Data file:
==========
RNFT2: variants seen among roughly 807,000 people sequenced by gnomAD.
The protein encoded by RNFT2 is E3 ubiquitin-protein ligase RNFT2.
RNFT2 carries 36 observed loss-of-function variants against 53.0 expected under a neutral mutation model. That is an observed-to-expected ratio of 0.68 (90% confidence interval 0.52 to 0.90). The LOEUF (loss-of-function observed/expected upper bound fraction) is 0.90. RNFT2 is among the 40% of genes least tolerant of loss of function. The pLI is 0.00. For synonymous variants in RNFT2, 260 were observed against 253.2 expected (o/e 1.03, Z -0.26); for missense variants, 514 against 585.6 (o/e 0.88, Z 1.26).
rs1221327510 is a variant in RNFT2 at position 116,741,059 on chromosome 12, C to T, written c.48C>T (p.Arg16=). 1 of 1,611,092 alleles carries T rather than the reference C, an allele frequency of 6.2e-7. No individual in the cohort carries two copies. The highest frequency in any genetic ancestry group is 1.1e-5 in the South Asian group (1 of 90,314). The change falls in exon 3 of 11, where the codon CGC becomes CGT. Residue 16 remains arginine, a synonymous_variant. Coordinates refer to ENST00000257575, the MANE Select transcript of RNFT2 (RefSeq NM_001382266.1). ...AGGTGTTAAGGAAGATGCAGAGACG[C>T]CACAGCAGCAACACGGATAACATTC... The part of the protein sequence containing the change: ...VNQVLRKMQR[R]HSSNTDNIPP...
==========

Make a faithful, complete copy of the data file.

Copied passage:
RNFT2: variants seen among roughly 807,000 people sequenced by gnomAD.
The protein encoded by RNFT2 is E3 ubiquitin-protein ligase RNFT2.
RNFT2 carries 36 observed loss-of-function variants against 53.0 expected under a neutral mutation model. That is an observed-to-expected ratio of 0.68 (90% confidence interval 0.52 to 0.90). The LOEUF (loss-of-function observed/expected upper bound fraction) is 0.90. RNFT2 is among the 40% of genes least tolerant of loss of function. The pLI is 0.00. For synonymous variants in RNFT2, 260 were observed against 253.2 expected (o/e 1.03, Z -0.26); for missense variants, 514 against 585.6 (o/e 0.88, Z 1.26).
rs1221327510 is a variant in RNFT2 at position 116,741,059 on chromosome 12, C to T, written c.48C>T (p.Arg16=). 1 of 1,611,092 alleles carries T rather than the reference C, an allele frequency of 6.2e-7. No individual in the cohort carries two copies. The highest frequency in any genetic ancestry group is 1.1e-5 in the South Asian group (1 of 90,314). The change falls in exon 3 of 11, where the codon CGC becomes CGT. Residue 16 remains arginine, a synonymous_variant. Coordinates refer to ENST00000257575, the MANE Select transcript of RNFT2 (RefSeq NM_001382266.1). ...AGGTGTTAAGGAAGATGCAGAGACG[C>T]CACAGCAGCAACACGGATAACATTC... The part of the protein sequence containing the change: ...VNQVLRKMQR[R]HSSNTDNIPP...